Flywheel resurfacing is a common service that most mechanics and machine shops offer. Some auto parts retailers, such as NAPA and O’Reilly Auto Parts, may also be able to resurface your flywheel at locations that have the right equipment. Below, we have what you need to know about when and where to get your flywheel resurfaced.
Flywheel Resurfacing: When and Where
For cars with a manual transmission, the flywheel is a crucial part of the clutch system, and if it isn’t resurfaced properly, it can cost you in repairs down the road. To determine if your flywheel needs to be resurfaced or replaced, look for discoloration, warping, or uneven wear. Some sources say you should have the flywheel resurfaced every time you need to do work on your clutch.
Once you get the flywheel out of the car, you will need to determine if there’s enough material left to resurface it, or if it needs to be replaced. Consult the factory specifications for your vehicle and its flywheel or take it to an expert.
There are many places that can help you determine whether your flywheel can be resurfaced, and can resurface it for you if so. Some of the places that can help you with flywheel maintenance include:
Auto Parts Retailers and Service Centers
Auto parts retailers and service centers may be able to resurface your flywheel. Be aware that store employees may not have the expertise to tell you if your flywheel can be resurfaced or needs to be replaced, so you’ll want to do your research before heading to the store.
NAPA Auto Parts and O’Reilly Auto Parts offer flywheel resurfacing at select locations. Not all NAPA or O’Reilly locations have the right equipment available for resurfacing, so you should always call your local shop to check before visiting. If your local store doesn’t offer flywheel resurfacing, an associate may be able to suggest another local business that does.
It’s often easier to visit a mechanic or machine shop than it is to find an auto parts retailer that offers this service. Many of the businesses we called do not offer flywheel resurfacing. Auto parts stores and service centers that do not resurface flywheels include:
- Monro Auto Service and Tire Centers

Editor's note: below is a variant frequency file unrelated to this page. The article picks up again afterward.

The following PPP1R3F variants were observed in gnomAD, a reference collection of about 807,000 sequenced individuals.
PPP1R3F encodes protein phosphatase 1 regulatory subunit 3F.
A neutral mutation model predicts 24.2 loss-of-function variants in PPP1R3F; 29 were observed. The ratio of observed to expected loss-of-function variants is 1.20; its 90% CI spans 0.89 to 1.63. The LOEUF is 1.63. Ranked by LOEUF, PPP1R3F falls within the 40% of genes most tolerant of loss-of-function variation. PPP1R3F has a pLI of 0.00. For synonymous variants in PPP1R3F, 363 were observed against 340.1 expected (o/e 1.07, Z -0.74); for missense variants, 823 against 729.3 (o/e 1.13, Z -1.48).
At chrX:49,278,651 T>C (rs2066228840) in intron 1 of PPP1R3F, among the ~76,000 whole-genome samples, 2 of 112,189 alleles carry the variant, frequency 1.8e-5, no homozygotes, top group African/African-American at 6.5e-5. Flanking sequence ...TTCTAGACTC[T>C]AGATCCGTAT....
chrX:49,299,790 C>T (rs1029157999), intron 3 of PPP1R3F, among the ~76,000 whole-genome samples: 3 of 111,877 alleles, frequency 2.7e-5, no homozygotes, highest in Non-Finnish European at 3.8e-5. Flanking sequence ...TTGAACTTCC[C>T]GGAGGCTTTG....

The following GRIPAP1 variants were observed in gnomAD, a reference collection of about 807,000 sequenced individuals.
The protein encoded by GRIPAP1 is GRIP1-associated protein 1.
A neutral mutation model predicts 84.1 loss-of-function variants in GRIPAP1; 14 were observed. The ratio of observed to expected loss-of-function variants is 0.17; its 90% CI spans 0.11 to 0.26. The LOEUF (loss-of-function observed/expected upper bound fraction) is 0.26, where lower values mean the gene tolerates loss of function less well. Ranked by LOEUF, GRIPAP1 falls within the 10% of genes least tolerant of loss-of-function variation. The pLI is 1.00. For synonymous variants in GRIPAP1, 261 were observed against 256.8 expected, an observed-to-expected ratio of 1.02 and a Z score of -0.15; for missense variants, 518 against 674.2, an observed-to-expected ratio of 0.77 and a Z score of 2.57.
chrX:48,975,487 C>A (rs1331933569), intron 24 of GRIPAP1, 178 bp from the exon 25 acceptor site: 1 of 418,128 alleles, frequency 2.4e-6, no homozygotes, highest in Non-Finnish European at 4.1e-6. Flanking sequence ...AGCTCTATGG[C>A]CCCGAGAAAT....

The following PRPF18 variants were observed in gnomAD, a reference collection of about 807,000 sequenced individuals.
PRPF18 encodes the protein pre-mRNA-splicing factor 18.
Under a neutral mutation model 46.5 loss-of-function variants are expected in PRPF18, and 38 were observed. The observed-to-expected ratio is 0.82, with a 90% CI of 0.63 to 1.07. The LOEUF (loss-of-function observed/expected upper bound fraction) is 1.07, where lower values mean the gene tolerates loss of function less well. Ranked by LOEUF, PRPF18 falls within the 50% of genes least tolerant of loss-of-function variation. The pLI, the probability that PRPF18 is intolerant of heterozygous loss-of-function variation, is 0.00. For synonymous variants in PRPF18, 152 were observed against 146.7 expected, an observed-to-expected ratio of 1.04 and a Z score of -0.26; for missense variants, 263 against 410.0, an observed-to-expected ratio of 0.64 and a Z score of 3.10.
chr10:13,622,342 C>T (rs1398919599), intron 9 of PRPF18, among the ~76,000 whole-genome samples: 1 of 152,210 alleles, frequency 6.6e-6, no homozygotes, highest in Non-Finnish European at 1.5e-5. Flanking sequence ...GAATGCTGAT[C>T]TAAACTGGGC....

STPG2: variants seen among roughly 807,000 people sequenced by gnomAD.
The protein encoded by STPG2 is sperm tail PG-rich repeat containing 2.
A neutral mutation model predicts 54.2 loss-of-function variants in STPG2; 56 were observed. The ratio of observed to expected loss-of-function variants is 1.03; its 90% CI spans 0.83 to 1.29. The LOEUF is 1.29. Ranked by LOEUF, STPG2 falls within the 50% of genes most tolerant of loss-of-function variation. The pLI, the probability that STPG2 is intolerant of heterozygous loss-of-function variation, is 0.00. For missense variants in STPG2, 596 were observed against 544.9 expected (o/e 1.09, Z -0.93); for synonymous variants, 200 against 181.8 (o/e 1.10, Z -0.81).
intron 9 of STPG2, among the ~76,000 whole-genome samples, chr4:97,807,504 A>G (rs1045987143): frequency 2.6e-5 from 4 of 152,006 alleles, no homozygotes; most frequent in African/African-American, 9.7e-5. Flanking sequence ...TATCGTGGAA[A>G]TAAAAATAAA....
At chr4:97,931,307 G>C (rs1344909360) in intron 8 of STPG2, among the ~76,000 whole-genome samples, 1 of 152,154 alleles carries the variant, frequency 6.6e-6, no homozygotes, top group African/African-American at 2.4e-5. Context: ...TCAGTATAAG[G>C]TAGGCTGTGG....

- Pep Boys
Local Machine Shops
A local machine shop can easily resurface flywheels, and work from a reputable shop will be high-quality. Be aware that some machine shops may not have knowledge specific to cars, so you’ll want to find an automotive machine shop or make sure you know what you need before heading to the shop. Search for a machine shop near you on Google.
If your mechanic is doing work on your clutch, he or she should be able to resurface your flywheel at the same time. Some mechanics may work on the flywheel alone if you bring it to the shop. A reputable mechanic is also the best place to ask if your flywheel can be resurfaced or if it needs to be replaced. Mechanics may charge a little more to do the work, but you’ll be paying for their automotive expertise. You can find a local mechanic by searching “mechanic near me” on Google, or by using the Napa AutoCare store finder, which offers a certified network of local, independent mechanics, collision centers, and truck centers.
Flywheel resurfacing costs vary depending on the average prices in your area, whether you’ve already removed the flywheel from your car or need to have it removed, and whether you go to a mechanic, store, or machine shop. The service should usually cost around $50 or less.
Flywheel resurfacing is a common service that most mechanics and machines shops can do for you. Some automotive retailers like O’Reilly Auto Parts may be able to resurface your flywheel at certain locations. Call ahead to your local store for availability. Auto parts stores also sell flywheel replacements, if you want to replace the flywheel yourself instead of having it resurfaced.
For more on manual transmission cars, see our articles: How to Drive a Manual Transmission Car and Reasons We Should All Drive Manual Transmission Cars.